Volcano fear to ground aircraft for days
Thousands of air travellers face a week of further chaos as airports were shut down yesterday when a volcanic eruption in Iceland sent a massive plume of ash into the atmosphere.
As debris continued to spew from the Eyjafjallajokull volcano, airlines were last night preparing to ground flights for several more days.
There was good news for some passengers when the Irish Aviation Authority (IAA) announced last night it was lifting restrictions on flights to and from airports at Cork and Shannon and some of the regional airports.
However, as the latest reports from the Volcanic Ash Advisory Centre in London indicated that the ash cloud is still over the east coast, the restrictions will remain in force at Dublin airport until at least 11am today.
Aviation authorities warned that the crisis would continue into the weekend and possibly throughout next week if weather conditions changed or more ash spewed out.
More than 60,000 passengers are still stuck abroad or are unable to leave Ireland after Irish and UK airports were forced to cancel all flights yesterday.
The dust spewed out by the volcano could down aircraft by clogging up the engines and damaging the planes' electronic systems.
The vast cloud of ash extends across Ireland, Britain and northeastern Europe. Norway, Finland, Sweden, Denmark and Belgium all cancelled large numbers of flights yesterday.
The IAA said the volcano was still active and there was the potential for the shutdown to continue into next week.
"If this volcanic ash plume encroaches into our airspace -- and all the signs are that it will tomorrow -- then planes will have to stay on the ground," the IAA spokesman said.
"The volcano is still active and the movement of the ash depends on the weather. The indicators are that the weather will remain unchanged for the next few days."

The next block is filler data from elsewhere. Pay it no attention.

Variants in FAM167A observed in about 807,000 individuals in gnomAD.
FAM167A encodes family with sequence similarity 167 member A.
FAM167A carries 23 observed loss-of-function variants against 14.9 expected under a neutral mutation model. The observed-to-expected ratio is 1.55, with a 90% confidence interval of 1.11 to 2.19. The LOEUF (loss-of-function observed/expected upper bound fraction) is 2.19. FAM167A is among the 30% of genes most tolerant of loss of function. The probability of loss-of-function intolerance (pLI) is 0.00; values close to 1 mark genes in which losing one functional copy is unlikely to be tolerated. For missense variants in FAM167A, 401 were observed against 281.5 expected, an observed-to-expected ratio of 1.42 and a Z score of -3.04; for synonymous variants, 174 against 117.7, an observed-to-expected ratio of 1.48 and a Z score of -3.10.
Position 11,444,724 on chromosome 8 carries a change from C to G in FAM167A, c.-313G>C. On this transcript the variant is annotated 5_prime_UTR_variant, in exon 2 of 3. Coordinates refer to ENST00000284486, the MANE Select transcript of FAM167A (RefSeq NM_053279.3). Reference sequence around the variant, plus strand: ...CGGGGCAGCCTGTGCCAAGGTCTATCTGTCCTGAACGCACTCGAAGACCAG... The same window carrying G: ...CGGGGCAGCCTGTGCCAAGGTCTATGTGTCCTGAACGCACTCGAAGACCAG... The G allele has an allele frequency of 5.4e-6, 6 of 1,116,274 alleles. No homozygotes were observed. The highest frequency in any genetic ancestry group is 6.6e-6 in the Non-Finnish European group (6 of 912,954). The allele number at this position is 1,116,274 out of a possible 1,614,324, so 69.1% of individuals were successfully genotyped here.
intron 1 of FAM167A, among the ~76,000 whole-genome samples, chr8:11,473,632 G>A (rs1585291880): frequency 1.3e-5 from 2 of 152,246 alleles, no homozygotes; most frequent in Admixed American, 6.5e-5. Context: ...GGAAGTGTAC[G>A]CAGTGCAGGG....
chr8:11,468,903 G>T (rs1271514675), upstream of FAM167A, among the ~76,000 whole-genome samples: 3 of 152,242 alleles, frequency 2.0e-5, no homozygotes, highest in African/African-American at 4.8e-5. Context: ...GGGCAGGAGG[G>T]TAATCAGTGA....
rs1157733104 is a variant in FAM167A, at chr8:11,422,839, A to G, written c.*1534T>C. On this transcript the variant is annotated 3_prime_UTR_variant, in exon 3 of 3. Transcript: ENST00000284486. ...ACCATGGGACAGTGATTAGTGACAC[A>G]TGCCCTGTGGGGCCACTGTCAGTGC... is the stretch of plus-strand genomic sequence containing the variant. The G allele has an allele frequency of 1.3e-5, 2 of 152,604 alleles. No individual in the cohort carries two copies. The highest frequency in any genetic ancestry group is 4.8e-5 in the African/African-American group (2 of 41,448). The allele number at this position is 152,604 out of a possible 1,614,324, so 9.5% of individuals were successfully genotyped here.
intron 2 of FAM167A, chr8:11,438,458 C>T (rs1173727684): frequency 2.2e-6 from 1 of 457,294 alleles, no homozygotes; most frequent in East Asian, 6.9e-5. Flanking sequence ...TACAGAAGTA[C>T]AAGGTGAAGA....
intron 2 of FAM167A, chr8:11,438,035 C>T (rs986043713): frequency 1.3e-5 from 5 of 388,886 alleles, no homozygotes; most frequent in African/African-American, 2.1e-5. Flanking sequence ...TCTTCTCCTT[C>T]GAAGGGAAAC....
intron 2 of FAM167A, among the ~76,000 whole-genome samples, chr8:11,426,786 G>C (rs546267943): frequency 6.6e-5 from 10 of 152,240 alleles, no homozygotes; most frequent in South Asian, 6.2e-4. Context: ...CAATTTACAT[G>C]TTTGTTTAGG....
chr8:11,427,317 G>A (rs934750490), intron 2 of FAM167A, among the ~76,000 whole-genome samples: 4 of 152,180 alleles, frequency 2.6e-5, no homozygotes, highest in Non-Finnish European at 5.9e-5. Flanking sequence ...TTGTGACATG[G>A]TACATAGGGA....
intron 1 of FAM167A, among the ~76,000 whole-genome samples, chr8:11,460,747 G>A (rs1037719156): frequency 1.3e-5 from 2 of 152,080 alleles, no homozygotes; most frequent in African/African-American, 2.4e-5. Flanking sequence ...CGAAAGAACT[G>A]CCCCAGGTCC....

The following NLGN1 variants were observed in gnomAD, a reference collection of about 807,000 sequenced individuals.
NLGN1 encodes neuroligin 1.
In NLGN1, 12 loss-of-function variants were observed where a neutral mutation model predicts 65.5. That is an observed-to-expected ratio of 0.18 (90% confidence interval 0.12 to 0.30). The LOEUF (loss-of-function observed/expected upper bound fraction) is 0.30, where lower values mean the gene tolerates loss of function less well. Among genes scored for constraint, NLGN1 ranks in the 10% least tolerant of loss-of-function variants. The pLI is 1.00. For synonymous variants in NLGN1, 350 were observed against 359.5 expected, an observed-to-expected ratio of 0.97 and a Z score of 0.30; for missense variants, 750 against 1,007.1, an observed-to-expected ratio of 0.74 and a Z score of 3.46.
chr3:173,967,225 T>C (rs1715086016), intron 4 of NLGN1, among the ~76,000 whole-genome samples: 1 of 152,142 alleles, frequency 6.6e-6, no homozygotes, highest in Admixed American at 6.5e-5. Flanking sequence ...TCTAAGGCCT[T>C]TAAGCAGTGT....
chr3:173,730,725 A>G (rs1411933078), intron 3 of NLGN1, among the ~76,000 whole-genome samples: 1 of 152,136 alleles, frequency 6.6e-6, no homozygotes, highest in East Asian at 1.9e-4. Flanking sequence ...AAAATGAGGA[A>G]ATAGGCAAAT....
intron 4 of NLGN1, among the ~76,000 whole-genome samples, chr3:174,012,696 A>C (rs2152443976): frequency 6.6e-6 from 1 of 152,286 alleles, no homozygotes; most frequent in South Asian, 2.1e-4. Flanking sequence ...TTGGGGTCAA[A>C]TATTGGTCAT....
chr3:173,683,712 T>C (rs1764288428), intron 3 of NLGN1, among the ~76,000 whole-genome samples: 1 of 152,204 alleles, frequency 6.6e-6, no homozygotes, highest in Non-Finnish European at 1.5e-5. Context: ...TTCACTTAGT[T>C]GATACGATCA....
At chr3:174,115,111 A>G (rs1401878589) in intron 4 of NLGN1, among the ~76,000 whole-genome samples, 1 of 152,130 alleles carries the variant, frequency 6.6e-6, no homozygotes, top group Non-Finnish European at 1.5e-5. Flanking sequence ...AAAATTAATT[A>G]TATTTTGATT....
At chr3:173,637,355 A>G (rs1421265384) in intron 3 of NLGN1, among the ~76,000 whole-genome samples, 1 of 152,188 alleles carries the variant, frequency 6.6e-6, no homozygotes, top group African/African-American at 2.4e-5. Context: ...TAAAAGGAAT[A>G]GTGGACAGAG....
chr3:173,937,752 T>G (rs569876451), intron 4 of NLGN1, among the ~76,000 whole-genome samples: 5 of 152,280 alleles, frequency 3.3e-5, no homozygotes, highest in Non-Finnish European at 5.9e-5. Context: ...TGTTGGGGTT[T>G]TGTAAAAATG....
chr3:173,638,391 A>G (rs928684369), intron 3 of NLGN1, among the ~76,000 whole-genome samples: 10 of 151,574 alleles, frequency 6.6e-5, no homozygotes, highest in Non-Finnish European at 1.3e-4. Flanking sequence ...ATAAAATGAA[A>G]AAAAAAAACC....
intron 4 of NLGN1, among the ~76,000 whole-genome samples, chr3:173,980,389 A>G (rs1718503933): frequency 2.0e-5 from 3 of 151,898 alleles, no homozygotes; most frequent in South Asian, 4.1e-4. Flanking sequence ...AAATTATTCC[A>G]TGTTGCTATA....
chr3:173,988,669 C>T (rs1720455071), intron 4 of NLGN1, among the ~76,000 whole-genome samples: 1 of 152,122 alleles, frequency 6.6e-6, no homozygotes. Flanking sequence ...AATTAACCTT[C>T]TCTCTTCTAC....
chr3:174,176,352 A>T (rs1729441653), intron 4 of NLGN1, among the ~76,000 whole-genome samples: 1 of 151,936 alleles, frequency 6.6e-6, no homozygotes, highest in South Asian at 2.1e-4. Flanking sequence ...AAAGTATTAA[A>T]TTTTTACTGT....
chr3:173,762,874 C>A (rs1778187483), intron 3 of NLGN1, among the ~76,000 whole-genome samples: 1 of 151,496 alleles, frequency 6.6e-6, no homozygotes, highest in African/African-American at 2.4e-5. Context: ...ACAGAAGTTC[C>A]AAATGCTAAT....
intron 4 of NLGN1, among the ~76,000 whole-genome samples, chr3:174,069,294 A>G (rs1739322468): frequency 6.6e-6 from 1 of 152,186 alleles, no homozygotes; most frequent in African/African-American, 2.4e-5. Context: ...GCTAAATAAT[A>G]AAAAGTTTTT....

The authority has been told by the Volcanic Ash Plan Advisory Centre in London that the plume, which currently measures six by 11 kilometres, is likely to grow today and remain over Northern Europe.
Meanwhile, thousands of holidaymakers could be left high and dry by their insurance policies as insurers claim that the volcanic ash was an 'act of God'.
Airlines yesterday promised to honour their legal obligations to passengers, including giving them refunds or new flights, food and accommodation, if necessary.
However, the insurance industry was pessimistic about people's chances of claiming on travel policies for any additional losses.
The Professional Insurance Brokers Association (PIBA) said travel-insurance cover would vary for many travellers.
However, the Commission for Aviation Regulation said people whose flights were cancelled or delayed had significant legal rights under EU laws.
Irish business chiefs already reeling from the recession are facing another major cash loss because of the airports closure.
Met Eireann last night said an anticyclone to the north-west of Ireland was blowing the ash from Iceland towards the south-east of Ireland and these weather conditions were set to continue over the weekend.
Head of forecasting Gerald Fleming said rain would help scatter the ash cloud's particles -- but predicted the country may not see a drop until next week.
"Even for it to be dispersed by wind and rain takes time," he said. "A good stiff westerly wind would help disperse it over eastern Europe, but that's not the weather we have at the moment."
As the air-transport crisis worsened overnight, Aer Lingus announced that it was cancelling all of its UK and European flights scheduled to leave Dublin, Cork, Shannon, Belfast, London Gatwick and Heathrow up to 1pm today.
Ryanair also cancelled more than 600 flights across Europe today. It will not operate any flights to or from Belgium, Denmark, Finland, Ireland, Sweden or the UK before 1pm today.
However, if, as expected, the ash remains in the atmosphere over Irish and UK airspace, the shutdown is expected to continue over the weekend.
Among the many passengers stranded overseas were the Irish under-15 soccer team, who played the second of two matches against Holland yesterday.
More than 100 flights into and out of Ireland yesterday were cancelled, while some 3,000 were cancelled across Europe.
The Government Taskforce on Emergency Planning met yesterday and decided to ground the Dublin and Waterford-based emergency helicopters from night-time flying.
The Health Service Executive (HSE) said the plume of ash did not pose a significant health risk.
A spokeswoman for Dublin Airport said she had never witnessed such an incident since her career began in the early 1980s. "This is very much out of everyone's control," she said, adding: "I'm sure passengers will appreciate the seriousness of it and will not want to fly in unsafe conditions."
Irish ferries said the disruption had sparked near unprecedented demand for sea travel.